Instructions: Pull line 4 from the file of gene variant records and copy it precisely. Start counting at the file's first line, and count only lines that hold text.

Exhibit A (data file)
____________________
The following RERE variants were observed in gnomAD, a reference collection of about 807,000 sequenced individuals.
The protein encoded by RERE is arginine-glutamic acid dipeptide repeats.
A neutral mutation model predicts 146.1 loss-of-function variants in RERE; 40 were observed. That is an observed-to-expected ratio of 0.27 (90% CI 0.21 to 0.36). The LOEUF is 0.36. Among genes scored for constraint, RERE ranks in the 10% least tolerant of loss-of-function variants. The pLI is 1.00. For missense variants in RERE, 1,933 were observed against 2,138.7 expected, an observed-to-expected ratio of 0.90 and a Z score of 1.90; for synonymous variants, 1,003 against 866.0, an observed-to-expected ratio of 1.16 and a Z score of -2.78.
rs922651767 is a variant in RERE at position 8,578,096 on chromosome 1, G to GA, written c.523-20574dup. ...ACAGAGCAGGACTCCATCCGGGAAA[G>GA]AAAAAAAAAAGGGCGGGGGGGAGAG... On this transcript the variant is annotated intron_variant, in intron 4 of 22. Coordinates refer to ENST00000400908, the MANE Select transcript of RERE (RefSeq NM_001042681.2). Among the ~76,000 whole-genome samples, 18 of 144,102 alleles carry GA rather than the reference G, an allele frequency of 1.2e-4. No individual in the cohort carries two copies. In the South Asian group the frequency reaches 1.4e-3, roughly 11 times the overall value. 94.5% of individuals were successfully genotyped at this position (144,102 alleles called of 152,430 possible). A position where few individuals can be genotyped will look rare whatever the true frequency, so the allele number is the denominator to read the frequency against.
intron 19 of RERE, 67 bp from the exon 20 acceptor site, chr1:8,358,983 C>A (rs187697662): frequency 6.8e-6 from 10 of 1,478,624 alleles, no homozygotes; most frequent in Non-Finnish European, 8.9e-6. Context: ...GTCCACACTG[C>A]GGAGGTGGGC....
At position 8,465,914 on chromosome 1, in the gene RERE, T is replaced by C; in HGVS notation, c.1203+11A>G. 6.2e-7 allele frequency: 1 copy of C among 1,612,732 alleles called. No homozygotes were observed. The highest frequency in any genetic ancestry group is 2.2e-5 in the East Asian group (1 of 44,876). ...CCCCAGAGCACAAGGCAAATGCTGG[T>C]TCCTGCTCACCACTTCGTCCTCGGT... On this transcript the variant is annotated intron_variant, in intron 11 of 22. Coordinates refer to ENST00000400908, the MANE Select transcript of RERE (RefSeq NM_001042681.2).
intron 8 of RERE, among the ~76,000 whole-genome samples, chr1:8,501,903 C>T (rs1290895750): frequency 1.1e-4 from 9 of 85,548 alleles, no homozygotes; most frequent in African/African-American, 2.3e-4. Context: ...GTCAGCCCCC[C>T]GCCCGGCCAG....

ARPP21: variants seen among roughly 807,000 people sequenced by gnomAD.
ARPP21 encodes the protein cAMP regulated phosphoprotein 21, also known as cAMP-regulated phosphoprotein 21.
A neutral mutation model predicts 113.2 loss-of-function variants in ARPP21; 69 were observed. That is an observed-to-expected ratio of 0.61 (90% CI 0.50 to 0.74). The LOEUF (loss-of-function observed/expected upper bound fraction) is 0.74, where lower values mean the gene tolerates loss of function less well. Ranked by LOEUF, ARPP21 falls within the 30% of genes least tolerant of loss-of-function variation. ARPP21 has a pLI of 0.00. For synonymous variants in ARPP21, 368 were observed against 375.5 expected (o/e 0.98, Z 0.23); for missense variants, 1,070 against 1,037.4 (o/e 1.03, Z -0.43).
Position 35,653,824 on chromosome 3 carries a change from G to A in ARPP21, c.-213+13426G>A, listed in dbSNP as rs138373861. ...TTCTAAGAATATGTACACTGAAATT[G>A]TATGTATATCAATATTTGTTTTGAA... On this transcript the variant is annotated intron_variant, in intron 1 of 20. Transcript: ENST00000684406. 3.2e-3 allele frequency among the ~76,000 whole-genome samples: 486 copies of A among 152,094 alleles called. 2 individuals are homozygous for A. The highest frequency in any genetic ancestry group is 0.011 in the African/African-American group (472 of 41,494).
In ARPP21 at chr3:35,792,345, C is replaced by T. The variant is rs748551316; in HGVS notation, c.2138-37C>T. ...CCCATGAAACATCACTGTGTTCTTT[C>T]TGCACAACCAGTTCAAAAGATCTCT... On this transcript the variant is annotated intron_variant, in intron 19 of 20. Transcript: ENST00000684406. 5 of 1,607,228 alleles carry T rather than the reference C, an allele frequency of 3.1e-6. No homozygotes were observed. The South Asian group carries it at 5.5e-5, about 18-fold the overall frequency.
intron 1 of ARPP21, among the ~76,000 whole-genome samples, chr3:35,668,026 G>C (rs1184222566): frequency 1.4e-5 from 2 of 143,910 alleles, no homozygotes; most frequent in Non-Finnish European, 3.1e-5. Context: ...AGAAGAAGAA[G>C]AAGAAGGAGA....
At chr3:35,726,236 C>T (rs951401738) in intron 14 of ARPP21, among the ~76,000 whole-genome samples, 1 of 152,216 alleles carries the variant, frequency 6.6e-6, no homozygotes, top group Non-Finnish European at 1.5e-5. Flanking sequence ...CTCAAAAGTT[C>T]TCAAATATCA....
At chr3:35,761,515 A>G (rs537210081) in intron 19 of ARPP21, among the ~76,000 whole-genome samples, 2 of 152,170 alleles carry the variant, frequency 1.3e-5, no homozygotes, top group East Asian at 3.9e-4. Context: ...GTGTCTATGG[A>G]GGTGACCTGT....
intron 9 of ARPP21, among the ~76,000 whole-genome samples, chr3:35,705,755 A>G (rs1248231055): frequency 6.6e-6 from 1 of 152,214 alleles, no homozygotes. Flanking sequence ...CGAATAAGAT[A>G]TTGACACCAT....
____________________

rs922651767 is a variant in RERE at position 8,578,096 on chromosome 1, G to GA, written c.523-20574dup. ...ACAGAGCAGGACTCCATCCGGGAAA[G>GA]AAAAAAAAAAGGGCGGGGGGGAGAG... On this transcript the variant is annotated intron_variant, in intron 4 of 22. Coordinates refer to ENST00000400908, the MANE Select transcript of RERE (RefSeq NM_001042681.2). Among the ~76,000 whole-genome samples, 18 of 144,102 alleles carry GA rather than the reference G, an allele frequency of 1.2e-4. No individual in the cohort carries two copies. In the South Asian group the frequency reaches 1.4e-3, roughly 11 times the overall value. 94.5% of individuals were successfully genotyped at this position (144,102 alleles called of 152,430 possible). A position where few individuals can be genotyped will look rare whatever the true frequency, so the allele number is the denominator to read the frequency against.